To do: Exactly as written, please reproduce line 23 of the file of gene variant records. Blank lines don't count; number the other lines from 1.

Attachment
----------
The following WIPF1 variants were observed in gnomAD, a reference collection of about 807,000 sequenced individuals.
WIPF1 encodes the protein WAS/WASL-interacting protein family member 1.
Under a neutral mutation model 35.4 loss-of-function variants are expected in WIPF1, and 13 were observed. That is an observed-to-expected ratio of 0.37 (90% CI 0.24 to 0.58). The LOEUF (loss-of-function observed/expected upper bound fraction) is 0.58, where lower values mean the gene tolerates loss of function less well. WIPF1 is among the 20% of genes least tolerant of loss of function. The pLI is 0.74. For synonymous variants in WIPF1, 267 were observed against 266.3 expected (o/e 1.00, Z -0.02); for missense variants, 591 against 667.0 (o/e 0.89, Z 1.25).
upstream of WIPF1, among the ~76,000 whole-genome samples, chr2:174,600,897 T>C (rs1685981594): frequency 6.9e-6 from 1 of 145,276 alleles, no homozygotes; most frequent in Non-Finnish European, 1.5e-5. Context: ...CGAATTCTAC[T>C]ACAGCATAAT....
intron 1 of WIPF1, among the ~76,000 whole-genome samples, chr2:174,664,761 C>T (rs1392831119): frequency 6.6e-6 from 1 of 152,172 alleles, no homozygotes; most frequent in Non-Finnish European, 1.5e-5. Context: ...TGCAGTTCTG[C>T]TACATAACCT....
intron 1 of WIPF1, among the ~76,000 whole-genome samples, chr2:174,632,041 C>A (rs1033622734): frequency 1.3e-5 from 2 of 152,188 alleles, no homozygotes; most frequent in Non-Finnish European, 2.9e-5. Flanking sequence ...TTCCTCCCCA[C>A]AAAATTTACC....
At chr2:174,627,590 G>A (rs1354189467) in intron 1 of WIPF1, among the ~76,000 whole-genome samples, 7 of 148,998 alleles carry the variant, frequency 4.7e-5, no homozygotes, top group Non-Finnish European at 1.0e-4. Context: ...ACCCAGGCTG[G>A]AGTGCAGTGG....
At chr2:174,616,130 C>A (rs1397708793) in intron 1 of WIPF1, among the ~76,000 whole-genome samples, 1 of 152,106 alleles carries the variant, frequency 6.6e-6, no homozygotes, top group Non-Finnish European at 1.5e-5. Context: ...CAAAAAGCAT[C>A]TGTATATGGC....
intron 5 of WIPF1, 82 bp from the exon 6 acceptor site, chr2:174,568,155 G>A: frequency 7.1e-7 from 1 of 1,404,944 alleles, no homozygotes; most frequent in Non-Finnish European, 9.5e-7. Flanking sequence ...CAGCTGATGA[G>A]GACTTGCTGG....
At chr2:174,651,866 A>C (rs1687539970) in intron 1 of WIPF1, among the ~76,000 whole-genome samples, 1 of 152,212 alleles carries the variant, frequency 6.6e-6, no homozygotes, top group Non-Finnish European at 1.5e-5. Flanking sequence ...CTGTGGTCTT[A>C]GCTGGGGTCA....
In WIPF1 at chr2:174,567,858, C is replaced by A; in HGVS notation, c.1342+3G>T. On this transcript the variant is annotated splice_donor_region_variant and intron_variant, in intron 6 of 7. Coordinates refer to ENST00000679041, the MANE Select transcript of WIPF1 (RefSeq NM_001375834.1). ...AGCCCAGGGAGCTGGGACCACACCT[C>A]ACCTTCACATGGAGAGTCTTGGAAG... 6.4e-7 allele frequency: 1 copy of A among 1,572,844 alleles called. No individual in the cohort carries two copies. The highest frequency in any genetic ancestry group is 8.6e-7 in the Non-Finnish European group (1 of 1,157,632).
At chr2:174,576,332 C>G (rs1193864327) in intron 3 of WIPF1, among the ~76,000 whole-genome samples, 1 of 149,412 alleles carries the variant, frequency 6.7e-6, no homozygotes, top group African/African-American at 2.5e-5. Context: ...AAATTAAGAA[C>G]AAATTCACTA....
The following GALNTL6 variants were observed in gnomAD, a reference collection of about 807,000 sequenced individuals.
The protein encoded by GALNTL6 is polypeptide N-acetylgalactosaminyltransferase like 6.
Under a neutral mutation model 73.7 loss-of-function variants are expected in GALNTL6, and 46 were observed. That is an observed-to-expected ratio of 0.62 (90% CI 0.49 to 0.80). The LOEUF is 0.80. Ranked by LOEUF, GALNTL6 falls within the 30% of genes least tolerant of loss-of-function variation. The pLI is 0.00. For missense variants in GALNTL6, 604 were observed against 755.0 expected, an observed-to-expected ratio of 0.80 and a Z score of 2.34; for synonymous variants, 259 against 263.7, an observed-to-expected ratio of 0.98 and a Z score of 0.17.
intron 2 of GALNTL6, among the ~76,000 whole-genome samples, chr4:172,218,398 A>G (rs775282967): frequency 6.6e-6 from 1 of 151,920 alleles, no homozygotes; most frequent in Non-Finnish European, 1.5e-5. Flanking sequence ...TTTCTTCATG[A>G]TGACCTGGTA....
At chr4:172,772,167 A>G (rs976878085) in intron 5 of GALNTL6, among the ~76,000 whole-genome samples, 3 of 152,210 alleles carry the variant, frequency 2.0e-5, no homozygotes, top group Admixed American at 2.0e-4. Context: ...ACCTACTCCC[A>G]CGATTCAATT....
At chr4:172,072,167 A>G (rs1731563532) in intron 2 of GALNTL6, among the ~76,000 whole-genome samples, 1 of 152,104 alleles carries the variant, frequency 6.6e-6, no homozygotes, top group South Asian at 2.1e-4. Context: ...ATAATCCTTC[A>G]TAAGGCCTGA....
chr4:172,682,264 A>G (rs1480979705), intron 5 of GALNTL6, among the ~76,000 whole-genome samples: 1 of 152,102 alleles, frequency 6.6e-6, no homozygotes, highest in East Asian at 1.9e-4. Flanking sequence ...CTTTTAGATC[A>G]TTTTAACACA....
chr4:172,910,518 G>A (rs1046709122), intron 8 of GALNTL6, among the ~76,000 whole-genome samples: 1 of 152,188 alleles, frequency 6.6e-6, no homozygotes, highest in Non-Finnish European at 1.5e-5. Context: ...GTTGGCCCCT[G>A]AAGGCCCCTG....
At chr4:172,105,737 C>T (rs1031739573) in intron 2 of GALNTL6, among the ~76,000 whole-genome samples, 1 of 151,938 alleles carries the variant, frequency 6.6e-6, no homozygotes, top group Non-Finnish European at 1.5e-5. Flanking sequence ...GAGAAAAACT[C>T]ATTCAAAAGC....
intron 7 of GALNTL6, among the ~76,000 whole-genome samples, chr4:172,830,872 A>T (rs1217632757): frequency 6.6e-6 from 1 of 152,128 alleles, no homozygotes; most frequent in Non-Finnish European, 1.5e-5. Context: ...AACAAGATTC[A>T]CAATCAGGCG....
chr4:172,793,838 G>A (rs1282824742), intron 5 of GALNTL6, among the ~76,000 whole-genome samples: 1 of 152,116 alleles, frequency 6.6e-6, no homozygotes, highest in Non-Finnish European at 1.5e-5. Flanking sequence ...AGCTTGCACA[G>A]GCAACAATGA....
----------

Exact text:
chr4:172,793,838 G>A (rs1282824742), intron 5 of GALNTL6, among the ~76,000 whole-genome samples: 1 of 152,116 alleles, frequency 6.6e-6, no homozygotes, highest in Non-Finnish European at 1.5e-5. Flanking sequence ...AGCTTGCACA[G>A]GCAACAATGA....